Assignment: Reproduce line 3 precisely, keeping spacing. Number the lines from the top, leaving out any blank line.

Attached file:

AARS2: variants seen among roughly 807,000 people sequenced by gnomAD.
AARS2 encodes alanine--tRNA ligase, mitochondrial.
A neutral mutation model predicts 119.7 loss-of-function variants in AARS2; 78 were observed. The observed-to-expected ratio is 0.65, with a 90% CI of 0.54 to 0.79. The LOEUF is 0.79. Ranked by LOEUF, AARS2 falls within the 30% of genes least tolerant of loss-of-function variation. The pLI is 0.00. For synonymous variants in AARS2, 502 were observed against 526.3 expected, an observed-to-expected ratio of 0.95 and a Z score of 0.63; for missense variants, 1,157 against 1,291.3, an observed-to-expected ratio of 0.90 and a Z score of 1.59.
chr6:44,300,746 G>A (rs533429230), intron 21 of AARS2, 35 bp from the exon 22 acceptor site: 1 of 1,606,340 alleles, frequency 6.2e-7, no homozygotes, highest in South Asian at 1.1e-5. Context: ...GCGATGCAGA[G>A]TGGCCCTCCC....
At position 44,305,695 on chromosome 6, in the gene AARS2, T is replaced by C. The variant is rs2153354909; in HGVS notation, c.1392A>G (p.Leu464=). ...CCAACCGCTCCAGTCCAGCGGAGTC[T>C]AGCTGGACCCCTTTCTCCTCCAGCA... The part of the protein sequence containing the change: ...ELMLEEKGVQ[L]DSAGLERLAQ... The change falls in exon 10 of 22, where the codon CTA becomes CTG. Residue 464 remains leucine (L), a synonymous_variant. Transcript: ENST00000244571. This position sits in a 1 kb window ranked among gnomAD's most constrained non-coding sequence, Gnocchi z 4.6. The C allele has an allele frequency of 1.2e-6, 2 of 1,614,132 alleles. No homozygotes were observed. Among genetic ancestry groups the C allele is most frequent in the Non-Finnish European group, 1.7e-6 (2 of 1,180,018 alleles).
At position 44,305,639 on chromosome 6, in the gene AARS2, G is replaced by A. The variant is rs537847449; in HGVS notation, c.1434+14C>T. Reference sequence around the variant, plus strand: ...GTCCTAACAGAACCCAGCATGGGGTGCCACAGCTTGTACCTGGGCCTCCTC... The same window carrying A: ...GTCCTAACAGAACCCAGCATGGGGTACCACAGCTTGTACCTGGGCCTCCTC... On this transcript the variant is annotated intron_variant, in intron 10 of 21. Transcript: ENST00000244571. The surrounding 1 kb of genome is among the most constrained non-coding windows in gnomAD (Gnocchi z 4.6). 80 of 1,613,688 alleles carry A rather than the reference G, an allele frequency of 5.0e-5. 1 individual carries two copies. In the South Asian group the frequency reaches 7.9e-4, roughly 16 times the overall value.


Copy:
A neutral mutation model predicts 119.7 loss-of-function variants in AARS2; 78 were observed. The observed-to-expected ratio is 0.65, with a 90% CI of 0.54 to 0.79. The LOEUF is 0.79. Ranked by LOEUF, AARS2 falls within the 30% of genes least tolerant of loss-of-function variation. The pLI is 0.00. For synonymous variants in AARS2, 502 were observed against 526.3 expected, an observed-to-expected ratio of 0.95 and a Z score of 0.63; for missense variants, 1,157 against 1,291.3, an observed-to-expected ratio of 0.90 and a Z score of 1.59.